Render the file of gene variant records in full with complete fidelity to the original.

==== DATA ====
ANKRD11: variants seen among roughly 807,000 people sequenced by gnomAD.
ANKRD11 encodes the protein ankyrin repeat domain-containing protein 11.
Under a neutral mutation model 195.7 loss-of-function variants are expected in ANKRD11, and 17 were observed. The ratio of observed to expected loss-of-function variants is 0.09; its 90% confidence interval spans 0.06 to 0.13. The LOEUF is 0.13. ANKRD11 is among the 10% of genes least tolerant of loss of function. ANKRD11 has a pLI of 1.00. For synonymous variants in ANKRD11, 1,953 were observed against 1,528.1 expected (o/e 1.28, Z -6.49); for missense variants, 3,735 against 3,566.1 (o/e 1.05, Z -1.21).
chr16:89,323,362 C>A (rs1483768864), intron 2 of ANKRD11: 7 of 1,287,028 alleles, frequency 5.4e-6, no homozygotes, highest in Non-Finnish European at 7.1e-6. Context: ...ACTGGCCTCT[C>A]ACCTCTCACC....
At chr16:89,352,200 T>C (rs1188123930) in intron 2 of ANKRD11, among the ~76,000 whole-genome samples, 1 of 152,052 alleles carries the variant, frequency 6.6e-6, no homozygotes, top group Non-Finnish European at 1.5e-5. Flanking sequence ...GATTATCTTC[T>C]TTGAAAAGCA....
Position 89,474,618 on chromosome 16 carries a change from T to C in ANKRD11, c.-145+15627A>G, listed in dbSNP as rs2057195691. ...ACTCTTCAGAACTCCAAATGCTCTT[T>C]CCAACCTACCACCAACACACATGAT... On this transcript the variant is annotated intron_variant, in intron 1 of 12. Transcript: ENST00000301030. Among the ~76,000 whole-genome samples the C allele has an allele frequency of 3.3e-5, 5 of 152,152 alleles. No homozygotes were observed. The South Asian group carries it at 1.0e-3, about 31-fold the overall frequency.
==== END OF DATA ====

ANKRD11: variants seen among roughly 807,000 people sequenced by gnomAD.
ANKRD11 encodes the protein ankyrin repeat domain-containing protein 11.
Under a neutral mutation model 195.7 loss-of-function variants are expected in ANKRD11, and 17 were observed. The ratio of observed to expected loss-of-function variants is 0.09; its 90% confidence interval spans 0.06 to 0.13. The LOEUF is 0.13. ANKRD11 is among the 10% of genes least tolerant of loss of function. ANKRD11 has a pLI of 1.00. For synonymous variants in ANKRD11, 1,953 were observed against 1,528.1 expected (o/e 1.28, Z -6.49); for missense variants, 3,735 against 3,566.1 (o/e 1.05, Z -1.21).
chr16:89,323,362 C>A (rs1483768864), intron 2 of ANKRD11: 7 of 1,287,028 alleles, frequency 5.4e-6, no homozygotes, highest in Non-Finnish European at 7.1e-6. Context: ...ACTGGCCTCT[C>A]ACCTCTCACC....
At chr16:89,352,200 T>C (rs1188123930) in intron 2 of ANKRD11, among the ~76,000 whole-genome samples, 1 of 152,052 alleles carries the variant, frequency 6.6e-6, no homozygotes, top group Non-Finnish European at 1.5e-5. Flanking sequence ...GATTATCTTC[T>C]TTGAAAAGCA....
Position 89,474,618 on chromosome 16 carries a change from T to C in ANKRD11, c.-145+15627A>G, listed in dbSNP as rs2057195691. ...ACTCTTCAGAACTCCAAATGCTCTT[T>C]CCAACCTACCACCAACACACATGAT... On this transcript the variant is annotated intron_variant, in intron 1 of 12. Transcript: ENST00000301030. Among the ~76,000 whole-genome samples the C allele has an allele frequency of 3.3e-5, 5 of 152,152 alleles. No homozygotes were observed. The South Asian group carries it at 1.0e-3, about 31-fold the overall frequency.